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Transport for London Goes Contactless

This blog post was updated on October 30, 2018.

Transport for London Goes Contactless

From the 16th of September, passengers of public transport in London can use their contactless payment cards to pay for travel on buses, tram, DLR, London Overground, most local National Rail services and the Tube.

For some time now, London Buses have accepted contactless payment and now the rest of the vast Transport for London (TfL) network is to offer the option. The majority of UK issued contactless payment cards issued in the UK on Visa, MasterCard, Maestro or American Express are accepted on buses are already be able to use it to travel on London bus services. From 16 September 2014, contactless payment cards will also be accepted on Tube, tram, DLR and London Overground services.
Do you have a card issued outside the UK? According to TfL, “most contactless payment cards issued outside the UK” can be used to buy tickets or top up an Oyster Card at touchscreen ticket machines at Tube, DLR and London Overground stations, at ticket offices, and Travel Information Centres, even if they can’t be used for contactless travel.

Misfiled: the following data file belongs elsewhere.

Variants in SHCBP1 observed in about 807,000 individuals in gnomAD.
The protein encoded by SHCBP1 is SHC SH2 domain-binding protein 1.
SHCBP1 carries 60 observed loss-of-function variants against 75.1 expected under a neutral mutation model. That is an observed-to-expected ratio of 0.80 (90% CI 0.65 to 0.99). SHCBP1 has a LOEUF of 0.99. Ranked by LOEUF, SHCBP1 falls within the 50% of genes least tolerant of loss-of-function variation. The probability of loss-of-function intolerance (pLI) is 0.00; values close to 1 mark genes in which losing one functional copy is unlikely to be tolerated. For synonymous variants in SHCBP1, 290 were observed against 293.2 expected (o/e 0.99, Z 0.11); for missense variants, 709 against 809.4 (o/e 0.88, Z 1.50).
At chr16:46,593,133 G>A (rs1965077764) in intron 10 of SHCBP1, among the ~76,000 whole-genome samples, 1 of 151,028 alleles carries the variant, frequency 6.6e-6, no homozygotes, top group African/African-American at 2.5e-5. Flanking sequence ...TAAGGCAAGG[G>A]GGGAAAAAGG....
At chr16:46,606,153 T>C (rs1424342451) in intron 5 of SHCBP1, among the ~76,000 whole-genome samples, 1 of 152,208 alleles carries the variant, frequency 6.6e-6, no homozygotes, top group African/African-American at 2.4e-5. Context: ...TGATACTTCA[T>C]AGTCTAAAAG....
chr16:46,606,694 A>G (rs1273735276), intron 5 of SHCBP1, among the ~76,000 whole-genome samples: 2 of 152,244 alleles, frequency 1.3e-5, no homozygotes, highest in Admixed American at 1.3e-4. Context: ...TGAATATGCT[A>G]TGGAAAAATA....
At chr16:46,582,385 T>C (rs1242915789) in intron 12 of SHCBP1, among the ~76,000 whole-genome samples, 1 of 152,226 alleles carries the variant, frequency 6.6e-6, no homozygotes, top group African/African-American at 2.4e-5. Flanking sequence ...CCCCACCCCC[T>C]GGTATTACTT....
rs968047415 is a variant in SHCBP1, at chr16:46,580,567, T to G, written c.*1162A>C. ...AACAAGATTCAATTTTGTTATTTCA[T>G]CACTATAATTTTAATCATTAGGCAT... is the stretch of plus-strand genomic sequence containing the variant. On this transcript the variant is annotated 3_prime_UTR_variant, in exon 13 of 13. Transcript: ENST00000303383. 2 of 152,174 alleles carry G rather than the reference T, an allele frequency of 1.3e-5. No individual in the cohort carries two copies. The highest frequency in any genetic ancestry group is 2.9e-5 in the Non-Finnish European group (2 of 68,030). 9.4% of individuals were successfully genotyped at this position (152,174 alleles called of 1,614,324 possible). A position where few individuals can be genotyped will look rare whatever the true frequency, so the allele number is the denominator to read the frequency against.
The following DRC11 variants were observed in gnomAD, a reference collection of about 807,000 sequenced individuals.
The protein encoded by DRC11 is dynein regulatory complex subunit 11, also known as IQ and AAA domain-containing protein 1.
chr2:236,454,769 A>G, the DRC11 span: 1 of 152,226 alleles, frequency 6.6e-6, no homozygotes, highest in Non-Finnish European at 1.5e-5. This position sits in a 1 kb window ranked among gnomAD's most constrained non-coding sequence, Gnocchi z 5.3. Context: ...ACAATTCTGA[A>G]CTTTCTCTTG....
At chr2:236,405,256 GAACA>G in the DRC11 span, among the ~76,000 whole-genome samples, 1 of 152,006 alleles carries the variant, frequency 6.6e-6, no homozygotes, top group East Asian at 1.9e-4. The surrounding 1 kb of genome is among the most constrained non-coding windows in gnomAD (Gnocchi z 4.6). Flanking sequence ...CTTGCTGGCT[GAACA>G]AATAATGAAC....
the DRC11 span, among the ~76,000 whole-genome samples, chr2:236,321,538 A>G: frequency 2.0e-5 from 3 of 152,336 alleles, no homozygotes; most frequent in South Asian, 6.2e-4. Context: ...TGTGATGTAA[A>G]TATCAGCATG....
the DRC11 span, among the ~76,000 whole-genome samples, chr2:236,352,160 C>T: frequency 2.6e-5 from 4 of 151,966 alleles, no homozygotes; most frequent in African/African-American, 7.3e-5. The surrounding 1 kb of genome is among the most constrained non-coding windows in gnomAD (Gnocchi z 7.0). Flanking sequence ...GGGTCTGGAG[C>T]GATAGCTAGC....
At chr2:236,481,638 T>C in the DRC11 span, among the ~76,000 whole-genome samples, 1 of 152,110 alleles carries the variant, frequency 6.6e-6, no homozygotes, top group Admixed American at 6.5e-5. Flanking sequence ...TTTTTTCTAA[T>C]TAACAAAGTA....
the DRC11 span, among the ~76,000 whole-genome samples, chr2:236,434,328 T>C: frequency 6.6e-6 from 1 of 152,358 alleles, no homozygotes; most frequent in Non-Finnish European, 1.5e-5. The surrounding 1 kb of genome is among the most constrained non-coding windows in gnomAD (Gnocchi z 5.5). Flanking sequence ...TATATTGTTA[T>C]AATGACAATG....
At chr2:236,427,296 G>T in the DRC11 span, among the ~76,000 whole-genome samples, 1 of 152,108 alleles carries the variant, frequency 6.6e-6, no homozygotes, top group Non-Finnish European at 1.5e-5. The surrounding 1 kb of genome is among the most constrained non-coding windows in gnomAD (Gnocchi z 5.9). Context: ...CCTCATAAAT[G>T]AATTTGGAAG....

When you use a contactless payment card, you are charged pay-as-you go fares at the same rates for adults using prepaid travel card (called an Oyster). Daily prices are capped too. So users never pay more than the price of a Daily Travel card. So, paying for travel with a contactless card could save you time, money and hassle.

How can you tell if you have a contactless card? Odds are if you’re not sure, then you probably don’t have one. But if you look at your debit, credit or other type of payment card and see a little symbol similar to a WiFi signal on your phone or computer, then you’ve got it! Otherwise, just ask your bank or credit card company if can send you a new one. And make sure it’s activated if you intend to use it.

Of course, even if it cannot be used for contactless travel, travelers can continue use debit, credit, charge or pre paid card to buy tickets at ticket offices and ticket machines at stations.

Visitors to London unfamiliar with the city’s transport network are best off asking a TfL worker at a station about how to pay and where to go if at all uncertain or confused. But don’t worry public transport in London is reliable, safe and a cost effective way to get around.
For more info about contactless payment for TfL services go to

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